Brand Protection and John Doe Orders; in the light of Amway’s case
By: Rutambhara Nayak
With the release of a movie or a series on a legit streaming service, pops up several other illegal means to access those either through free downloads or at a cheaper subscription price. Same is the case with any protected material over the internet as there is always an alternate source available, upon use of which the intellectual investment of the original owner is discredited. With the overuse of ever-evolving technology and the nature of trade and business assuming international or global criteria, IP has become a powerful commercial asset though it is an intangible property.
John Doe orders were adopted to tackle with such kind of threats coming from unknown sources. The unlimited space of digital media and Intellectual Property laws being territorial in nature makes it difficult for the protection of exclusive rights in such a space. It becomes easier for unknown and anonymous persons to infringe the protected works and remain untraced. Hence, John Doe orders came to the rescue.
The origin of John Doe Orders dates back to the reign of King Edward III of British empire. It was inculcated in India in 2002 by an order passed in the landmark Taj Television Case against unknown cable operators who were illegally airing a certain sporting event covered by Ten Sports channel which had acquired an exclusive right to air it. In India, John Doe orders are known as Ashok Kumar orders and are of the nature of ex-parte interim injunctions.
Recently, Amway Corporation (now known as Alticor Inc.) a direct selling company operating in consumer health-care space obtained “John Doe” order from the Delhi High Court against the stockists who were selling their products through unauthorized channels.
The suit was brought against medical shops in Bhagirath Palace, Chandni Chowk. It was contended that such sale was being carried out in violation of the Central government’s Direct Selling Guidelines, 2016. The unauthorized party after removing the unique codes placed on the lid of the product and in some case even without issuing invoice and not providing the benefit of Return/Refund Policy were selling their products which was very much likely to harm their reputation.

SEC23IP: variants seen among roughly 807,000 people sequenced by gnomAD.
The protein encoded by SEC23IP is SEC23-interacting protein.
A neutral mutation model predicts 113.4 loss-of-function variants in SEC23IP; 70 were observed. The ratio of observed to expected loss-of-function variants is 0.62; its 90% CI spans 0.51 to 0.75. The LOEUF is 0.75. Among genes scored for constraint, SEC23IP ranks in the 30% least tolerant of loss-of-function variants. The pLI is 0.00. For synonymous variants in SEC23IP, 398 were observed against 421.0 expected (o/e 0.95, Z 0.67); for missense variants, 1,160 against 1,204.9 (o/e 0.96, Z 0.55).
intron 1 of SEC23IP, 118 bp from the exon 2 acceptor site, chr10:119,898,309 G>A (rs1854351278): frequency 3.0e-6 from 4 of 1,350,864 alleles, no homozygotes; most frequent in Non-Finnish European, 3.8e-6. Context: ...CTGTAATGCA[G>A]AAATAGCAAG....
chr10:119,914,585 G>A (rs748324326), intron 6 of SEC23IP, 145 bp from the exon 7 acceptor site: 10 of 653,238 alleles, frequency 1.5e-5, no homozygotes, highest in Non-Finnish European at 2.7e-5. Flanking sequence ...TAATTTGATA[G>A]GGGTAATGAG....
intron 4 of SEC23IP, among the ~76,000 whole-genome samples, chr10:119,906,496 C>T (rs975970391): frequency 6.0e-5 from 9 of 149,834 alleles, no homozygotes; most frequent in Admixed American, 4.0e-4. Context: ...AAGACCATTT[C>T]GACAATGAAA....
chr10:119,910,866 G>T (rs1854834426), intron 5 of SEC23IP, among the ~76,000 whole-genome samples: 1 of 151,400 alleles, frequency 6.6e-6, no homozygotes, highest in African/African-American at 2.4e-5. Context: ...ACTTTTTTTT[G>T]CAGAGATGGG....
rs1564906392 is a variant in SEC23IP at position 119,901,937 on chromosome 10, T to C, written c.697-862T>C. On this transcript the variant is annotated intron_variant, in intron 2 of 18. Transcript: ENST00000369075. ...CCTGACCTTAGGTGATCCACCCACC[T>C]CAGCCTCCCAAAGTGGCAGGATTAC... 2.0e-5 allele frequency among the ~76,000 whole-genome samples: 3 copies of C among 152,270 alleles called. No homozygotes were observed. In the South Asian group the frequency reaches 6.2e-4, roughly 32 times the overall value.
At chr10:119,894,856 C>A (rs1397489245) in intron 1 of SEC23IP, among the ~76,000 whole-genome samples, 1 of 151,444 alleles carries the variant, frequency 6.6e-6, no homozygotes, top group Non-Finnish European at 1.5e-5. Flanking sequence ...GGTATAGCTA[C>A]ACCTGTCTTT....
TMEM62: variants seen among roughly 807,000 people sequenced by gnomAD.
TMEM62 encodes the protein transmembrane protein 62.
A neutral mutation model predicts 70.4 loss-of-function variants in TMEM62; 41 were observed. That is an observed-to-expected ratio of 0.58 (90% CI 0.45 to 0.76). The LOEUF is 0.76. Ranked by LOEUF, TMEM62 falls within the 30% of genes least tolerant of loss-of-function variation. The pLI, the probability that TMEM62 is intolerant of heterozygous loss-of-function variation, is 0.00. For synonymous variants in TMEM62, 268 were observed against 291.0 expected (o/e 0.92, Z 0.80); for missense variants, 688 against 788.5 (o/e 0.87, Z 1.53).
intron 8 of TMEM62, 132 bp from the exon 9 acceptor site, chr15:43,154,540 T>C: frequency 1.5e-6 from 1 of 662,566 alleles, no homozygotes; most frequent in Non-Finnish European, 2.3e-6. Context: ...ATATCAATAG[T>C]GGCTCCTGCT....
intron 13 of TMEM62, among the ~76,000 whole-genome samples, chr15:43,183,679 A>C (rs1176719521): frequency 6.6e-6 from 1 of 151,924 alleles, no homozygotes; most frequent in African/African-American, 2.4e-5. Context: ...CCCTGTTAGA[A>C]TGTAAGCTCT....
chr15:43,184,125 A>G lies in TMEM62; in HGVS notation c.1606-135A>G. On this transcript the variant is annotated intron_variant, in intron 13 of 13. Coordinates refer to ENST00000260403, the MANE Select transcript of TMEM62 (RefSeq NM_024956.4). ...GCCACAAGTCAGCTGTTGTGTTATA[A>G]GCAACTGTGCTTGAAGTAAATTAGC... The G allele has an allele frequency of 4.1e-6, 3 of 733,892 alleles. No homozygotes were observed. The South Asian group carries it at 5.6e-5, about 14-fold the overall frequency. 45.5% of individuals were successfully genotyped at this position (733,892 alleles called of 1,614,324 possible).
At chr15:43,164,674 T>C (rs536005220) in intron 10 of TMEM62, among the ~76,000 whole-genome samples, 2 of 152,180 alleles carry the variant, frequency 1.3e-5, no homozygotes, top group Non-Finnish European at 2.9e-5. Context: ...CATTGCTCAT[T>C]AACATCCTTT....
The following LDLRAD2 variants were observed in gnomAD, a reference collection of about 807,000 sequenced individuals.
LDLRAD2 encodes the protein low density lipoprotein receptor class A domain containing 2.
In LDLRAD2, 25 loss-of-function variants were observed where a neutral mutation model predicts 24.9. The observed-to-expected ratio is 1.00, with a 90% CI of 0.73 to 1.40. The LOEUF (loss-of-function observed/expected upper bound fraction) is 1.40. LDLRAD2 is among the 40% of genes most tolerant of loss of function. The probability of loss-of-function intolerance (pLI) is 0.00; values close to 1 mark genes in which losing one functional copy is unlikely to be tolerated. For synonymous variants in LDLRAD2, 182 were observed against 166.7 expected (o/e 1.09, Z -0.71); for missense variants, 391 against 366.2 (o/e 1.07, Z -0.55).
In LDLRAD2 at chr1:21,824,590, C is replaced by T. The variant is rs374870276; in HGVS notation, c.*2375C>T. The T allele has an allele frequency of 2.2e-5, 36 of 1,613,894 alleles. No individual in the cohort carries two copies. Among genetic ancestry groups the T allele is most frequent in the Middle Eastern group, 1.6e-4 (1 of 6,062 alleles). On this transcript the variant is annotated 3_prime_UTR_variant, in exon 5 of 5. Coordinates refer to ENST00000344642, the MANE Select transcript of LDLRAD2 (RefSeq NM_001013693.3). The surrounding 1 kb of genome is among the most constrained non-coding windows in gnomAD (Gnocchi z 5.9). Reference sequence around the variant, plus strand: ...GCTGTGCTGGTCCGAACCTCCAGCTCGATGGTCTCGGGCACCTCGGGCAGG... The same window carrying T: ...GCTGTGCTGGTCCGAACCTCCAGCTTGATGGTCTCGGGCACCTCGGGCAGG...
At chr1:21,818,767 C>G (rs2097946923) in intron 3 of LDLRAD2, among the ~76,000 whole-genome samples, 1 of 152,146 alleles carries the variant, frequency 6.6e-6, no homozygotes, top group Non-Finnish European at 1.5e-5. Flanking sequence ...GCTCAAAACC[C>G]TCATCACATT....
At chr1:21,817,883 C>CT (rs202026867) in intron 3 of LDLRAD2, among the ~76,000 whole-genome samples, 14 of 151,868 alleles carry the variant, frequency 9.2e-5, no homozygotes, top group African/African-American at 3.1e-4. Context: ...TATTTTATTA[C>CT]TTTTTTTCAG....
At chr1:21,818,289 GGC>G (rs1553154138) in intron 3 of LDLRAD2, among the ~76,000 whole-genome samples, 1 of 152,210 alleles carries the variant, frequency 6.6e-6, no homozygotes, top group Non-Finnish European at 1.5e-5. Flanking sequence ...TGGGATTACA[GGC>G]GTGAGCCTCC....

This was found out by an investigation where the investigators were offered goods, but the defendants failed to issue any receipt for the purchase and also could not explain as to how such goods were received by them. Four Advocates were also appointed as local commissioners to conduct inspections in Bhagirath Palace and find out more about the errant sellers.
While the John Doe Order is a weapon in the hands of IPR enthusiasts, enforcement is still a tricky issue as it gives way to the infringers to play with the loopholes of law. The Court with this order has given boost to the direct selling companies which is a growing industry in India.
Although upon a bonafide claim of the plaintiffs, they have a right to have the identity revealed for the purpose of bringing action but how far such an order can be executed is the matter in issue. Hence, John Doe order is a strong shield for the aggrieved party but subject to its implementation.
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